Thursday, 4 December 2014

How a book cover is created – David Thorpe

I thought you'd like to see the process of creation of the cover of my latest novel, Stormteller.



The cover illustrator is the awesome Elaine Franks and she happened to take photographs of every stage of the production of the artwork, in her Garden Studio. From a variety of thumbnail ideas to the finished digital artwork, the publisher has compiled the images into a video.

Part of the process of creating the cover involved showing drafts on Facebook and inviting people to choose the one they liked best. I enjoyed the process of crowdsourcing opinions, because I got an idea of what engages readers. Thank you to everyone who took part in that process.

I have made a Pinterest board of images connected to the novel. Amongst other things it contains some of the photographs I took while researching the location of the novel, as well as some of the cover images that Elaine sent.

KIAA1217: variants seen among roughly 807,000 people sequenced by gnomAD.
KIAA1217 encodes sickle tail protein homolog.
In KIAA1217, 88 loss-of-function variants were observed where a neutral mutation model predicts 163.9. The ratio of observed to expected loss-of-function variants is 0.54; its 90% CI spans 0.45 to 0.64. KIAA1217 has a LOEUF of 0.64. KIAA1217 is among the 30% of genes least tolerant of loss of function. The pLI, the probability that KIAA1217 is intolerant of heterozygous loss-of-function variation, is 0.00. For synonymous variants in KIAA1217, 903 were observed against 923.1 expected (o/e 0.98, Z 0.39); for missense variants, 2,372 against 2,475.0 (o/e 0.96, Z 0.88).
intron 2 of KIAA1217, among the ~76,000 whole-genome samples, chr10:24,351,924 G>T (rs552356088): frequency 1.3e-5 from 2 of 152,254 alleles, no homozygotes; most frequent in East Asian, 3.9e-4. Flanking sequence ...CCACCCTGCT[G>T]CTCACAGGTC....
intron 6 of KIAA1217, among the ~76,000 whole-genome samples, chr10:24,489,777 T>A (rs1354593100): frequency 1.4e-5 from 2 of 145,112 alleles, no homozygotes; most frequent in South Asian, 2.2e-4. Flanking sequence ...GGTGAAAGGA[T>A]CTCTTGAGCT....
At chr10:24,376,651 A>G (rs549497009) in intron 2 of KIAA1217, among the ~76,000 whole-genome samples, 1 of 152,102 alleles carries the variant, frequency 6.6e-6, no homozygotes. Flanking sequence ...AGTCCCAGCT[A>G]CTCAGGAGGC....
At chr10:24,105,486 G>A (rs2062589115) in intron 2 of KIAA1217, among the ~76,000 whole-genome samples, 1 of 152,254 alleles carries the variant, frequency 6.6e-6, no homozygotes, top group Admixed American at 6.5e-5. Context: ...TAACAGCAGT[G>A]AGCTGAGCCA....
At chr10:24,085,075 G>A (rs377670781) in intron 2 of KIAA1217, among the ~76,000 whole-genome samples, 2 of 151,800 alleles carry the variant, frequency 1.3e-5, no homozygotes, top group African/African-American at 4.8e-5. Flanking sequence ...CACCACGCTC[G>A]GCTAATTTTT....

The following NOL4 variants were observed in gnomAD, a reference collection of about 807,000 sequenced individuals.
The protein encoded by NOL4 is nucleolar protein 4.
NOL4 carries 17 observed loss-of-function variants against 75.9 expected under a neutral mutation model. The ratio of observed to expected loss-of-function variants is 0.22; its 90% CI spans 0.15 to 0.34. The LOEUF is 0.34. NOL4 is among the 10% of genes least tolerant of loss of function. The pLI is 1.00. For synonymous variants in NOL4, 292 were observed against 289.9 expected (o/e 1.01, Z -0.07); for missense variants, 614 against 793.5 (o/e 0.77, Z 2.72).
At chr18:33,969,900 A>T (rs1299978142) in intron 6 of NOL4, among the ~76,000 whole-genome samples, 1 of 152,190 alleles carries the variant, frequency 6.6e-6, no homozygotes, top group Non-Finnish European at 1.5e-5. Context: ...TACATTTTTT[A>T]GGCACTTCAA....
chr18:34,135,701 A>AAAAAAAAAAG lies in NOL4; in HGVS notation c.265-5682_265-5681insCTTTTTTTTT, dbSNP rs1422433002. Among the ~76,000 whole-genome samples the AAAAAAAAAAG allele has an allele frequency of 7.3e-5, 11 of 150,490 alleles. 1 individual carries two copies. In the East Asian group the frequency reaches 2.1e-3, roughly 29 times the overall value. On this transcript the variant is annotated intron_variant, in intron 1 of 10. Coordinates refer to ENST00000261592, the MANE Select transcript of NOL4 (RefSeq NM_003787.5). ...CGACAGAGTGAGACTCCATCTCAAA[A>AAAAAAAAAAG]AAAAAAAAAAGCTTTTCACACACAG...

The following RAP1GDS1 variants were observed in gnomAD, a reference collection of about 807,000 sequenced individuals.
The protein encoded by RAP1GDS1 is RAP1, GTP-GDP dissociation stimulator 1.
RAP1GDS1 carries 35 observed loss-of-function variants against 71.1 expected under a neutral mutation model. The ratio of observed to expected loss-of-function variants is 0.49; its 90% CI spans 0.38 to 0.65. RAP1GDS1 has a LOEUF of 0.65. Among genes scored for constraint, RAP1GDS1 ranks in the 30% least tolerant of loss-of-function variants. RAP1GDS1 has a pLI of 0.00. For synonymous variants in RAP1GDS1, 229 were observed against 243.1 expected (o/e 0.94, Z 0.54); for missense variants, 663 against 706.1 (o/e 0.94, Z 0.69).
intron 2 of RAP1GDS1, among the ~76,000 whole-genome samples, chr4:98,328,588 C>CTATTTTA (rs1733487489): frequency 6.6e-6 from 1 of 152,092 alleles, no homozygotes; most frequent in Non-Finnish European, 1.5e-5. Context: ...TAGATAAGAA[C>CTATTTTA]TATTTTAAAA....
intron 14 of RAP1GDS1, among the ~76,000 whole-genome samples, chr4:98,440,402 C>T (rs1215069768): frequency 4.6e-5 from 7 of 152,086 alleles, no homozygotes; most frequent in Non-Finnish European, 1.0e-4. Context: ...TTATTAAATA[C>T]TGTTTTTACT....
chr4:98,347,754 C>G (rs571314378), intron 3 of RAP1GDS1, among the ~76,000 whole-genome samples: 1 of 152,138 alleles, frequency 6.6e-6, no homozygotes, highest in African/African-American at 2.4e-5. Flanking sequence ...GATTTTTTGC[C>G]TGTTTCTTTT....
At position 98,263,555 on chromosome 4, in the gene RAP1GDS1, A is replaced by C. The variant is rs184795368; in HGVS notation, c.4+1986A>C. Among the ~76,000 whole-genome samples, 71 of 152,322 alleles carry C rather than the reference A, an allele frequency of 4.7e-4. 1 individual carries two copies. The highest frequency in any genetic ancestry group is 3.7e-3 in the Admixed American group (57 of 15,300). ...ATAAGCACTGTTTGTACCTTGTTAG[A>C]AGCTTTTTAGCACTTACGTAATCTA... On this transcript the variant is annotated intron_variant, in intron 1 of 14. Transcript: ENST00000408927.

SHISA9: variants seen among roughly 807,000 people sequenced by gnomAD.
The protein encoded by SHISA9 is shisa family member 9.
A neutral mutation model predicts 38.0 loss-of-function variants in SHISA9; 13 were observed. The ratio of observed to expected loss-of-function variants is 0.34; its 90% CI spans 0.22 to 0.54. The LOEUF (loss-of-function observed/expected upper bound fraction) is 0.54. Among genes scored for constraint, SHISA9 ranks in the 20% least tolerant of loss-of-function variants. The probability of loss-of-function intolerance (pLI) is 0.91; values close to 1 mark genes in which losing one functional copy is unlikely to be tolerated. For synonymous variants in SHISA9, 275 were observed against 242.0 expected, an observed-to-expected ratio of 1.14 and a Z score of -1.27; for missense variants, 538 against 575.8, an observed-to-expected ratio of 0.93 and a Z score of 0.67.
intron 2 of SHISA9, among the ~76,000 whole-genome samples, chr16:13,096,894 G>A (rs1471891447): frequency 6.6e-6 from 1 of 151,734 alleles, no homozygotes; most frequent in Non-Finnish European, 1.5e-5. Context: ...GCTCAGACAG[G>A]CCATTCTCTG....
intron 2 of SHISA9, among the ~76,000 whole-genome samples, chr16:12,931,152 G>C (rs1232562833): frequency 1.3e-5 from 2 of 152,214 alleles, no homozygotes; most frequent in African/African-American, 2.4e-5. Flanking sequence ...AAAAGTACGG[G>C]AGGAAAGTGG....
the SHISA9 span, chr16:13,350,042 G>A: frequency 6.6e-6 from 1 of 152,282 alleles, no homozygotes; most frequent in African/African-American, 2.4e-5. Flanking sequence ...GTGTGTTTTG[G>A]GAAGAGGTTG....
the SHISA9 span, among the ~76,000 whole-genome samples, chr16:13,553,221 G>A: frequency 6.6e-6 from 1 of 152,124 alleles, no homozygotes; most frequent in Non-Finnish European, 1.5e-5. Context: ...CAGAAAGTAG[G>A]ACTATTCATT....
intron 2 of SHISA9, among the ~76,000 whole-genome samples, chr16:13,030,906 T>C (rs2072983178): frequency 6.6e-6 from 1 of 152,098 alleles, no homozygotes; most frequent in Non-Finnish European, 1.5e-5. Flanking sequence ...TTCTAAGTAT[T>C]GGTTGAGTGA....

Since the novel contains detailed descriptions of places, I found the process of taking photographs essential for understanding the landscape. I'm a very visual writer and want to 'see' the scenes I describe.

Besides the location, the research included investigating the legends that I used as a basis for part of the book, and the science of climate change – particularly as it applied to that location: Borth, Taliesin, Pumlumon and so on, which is also the same area that is used as the setting for the successful Welsh TV series Hinterland.

I've collected all this together on my website here. There's also a link on that page where you have until December 10 to enter a competition for a free copy!

3 comments:

John Shelley said...

I love the way Elaine builds the art up slowly in layers, creating a tremendous sense of depth and atmosphere. Lovely work.
Using Facebook for feedback on sketches is a brave move! Glad to see it worked out well though - clearly the right choice was made.

Anonymous said...

Excellent to see the process behind the result, fabulous skill on those faces! What medium was used? Acrylic?
Claudia

David Thorpe said...

Yes, I believe acrylic. But you should ask Elaine.